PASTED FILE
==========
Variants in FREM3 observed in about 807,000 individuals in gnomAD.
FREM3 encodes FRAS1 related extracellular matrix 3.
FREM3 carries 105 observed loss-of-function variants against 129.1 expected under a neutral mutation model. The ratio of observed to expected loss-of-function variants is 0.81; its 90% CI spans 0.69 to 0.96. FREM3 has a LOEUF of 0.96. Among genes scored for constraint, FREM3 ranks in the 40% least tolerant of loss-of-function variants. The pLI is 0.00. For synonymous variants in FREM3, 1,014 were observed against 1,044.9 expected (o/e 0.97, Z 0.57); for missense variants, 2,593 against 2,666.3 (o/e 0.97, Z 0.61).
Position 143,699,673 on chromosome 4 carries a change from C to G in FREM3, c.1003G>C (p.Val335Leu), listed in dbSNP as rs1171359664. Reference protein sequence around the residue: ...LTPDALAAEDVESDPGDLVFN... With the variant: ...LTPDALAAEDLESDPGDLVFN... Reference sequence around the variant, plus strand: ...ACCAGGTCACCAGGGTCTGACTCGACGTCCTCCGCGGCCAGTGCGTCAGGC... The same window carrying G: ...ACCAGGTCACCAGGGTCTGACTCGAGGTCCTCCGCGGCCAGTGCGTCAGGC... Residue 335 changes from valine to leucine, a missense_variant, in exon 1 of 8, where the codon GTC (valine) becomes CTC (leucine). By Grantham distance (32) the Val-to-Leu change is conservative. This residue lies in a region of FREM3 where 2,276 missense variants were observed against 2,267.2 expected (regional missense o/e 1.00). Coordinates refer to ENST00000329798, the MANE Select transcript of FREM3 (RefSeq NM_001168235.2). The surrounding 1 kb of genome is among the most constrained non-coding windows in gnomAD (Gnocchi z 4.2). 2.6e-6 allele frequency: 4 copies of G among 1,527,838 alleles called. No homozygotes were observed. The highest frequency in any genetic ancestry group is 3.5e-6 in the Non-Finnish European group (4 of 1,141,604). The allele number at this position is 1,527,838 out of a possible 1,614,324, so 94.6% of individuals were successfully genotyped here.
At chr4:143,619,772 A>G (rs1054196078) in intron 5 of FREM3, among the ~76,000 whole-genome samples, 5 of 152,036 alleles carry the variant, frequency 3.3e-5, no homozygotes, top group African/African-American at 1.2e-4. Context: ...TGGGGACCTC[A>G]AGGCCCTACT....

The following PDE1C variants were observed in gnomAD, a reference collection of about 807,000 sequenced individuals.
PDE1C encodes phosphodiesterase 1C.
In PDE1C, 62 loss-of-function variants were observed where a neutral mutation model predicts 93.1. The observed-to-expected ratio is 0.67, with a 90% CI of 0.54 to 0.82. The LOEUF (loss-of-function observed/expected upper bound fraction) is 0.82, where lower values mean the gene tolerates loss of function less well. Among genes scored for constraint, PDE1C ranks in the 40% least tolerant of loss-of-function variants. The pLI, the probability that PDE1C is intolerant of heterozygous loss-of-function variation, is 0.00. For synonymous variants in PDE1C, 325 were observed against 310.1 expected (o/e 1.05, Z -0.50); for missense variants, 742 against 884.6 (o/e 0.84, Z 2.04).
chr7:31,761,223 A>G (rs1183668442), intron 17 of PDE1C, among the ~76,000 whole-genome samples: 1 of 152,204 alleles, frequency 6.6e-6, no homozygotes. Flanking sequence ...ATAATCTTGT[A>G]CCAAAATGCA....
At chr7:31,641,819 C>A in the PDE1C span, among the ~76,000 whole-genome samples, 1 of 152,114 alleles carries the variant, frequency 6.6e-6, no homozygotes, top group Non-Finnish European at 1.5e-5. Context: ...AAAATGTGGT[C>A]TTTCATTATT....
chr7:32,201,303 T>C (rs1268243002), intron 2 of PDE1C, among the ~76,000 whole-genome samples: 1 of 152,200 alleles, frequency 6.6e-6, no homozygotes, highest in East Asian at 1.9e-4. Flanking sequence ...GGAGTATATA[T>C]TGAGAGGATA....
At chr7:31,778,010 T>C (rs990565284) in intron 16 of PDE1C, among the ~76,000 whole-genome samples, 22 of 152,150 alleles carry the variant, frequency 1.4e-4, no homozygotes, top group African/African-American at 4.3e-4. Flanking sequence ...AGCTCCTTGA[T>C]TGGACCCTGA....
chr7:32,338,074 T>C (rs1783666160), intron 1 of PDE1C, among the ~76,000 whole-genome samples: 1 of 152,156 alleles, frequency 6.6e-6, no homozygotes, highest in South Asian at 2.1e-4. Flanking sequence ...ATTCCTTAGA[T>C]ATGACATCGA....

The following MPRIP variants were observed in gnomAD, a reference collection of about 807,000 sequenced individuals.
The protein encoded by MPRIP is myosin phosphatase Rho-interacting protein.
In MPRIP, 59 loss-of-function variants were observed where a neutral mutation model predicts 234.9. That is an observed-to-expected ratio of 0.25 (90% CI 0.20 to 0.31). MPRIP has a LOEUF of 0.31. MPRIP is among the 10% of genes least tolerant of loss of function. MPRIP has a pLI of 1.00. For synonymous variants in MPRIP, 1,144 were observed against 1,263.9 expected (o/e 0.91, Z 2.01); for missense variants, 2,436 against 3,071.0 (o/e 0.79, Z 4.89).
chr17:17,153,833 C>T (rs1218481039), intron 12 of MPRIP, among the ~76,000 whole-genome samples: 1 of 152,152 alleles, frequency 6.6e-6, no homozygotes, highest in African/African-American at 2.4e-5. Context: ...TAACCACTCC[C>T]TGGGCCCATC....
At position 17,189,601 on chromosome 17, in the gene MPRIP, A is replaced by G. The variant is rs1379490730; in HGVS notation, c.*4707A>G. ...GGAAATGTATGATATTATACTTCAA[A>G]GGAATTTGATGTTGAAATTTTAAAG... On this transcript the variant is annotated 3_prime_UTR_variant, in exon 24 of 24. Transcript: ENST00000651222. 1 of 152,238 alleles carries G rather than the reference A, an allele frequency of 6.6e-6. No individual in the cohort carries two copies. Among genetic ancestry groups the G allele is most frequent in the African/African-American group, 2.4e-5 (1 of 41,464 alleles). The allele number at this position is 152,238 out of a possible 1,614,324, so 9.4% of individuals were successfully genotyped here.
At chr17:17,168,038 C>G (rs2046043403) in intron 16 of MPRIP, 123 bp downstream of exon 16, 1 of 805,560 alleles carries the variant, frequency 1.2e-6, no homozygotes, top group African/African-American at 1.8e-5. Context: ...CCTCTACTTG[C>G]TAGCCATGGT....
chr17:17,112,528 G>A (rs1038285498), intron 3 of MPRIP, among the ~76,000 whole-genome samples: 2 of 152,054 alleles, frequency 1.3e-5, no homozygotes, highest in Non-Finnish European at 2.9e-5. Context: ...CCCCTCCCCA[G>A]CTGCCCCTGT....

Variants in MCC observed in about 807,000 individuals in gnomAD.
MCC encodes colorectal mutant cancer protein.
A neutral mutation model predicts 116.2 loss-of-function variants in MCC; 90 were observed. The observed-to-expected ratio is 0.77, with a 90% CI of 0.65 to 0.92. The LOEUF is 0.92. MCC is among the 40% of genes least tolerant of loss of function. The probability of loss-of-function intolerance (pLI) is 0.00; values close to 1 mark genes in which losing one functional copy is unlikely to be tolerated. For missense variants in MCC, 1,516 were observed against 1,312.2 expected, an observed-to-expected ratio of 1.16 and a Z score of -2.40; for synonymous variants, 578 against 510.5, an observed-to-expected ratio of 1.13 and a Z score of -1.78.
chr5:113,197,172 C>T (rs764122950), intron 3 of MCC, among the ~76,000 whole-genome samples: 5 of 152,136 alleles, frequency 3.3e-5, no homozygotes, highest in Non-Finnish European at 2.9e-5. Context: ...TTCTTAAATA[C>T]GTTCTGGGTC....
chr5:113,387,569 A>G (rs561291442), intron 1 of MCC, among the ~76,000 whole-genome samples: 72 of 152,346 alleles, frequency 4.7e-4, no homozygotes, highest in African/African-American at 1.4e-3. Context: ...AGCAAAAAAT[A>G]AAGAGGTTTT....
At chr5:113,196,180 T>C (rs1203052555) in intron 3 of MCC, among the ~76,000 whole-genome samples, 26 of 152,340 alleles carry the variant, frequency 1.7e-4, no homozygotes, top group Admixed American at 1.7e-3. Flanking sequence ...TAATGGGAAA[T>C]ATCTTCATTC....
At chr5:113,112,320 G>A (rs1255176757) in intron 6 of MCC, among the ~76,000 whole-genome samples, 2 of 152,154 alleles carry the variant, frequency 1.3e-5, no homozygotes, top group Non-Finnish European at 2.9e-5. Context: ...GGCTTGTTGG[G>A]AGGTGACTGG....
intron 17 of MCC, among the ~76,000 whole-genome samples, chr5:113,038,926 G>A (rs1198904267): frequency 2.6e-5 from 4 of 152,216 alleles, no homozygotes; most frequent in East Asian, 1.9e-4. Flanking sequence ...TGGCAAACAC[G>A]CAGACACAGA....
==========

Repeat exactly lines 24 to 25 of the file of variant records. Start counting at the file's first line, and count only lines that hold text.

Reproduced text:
chr5:113,197,172 C>T (rs764122950), intron 3 of MCC, among the ~76,000 whole-genome samples: 5 of 152,136 alleles, frequency 3.3e-5, no homozygotes, highest in Non-Finnish European at 2.9e-5. Context: ...TTCTTAAATA[C>T]GTTCTGGGTC....
chr5:113,387,569 A>G (rs561291442), intron 1 of MCC, among the ~76,000 whole-genome samples: 72 of 152,346 alleles, frequency 4.7e-4, no homozygotes, highest in African/African-American at 1.4e-3. Context: ...AGCAAAAAAT[A>G]AAGAGGTTTT....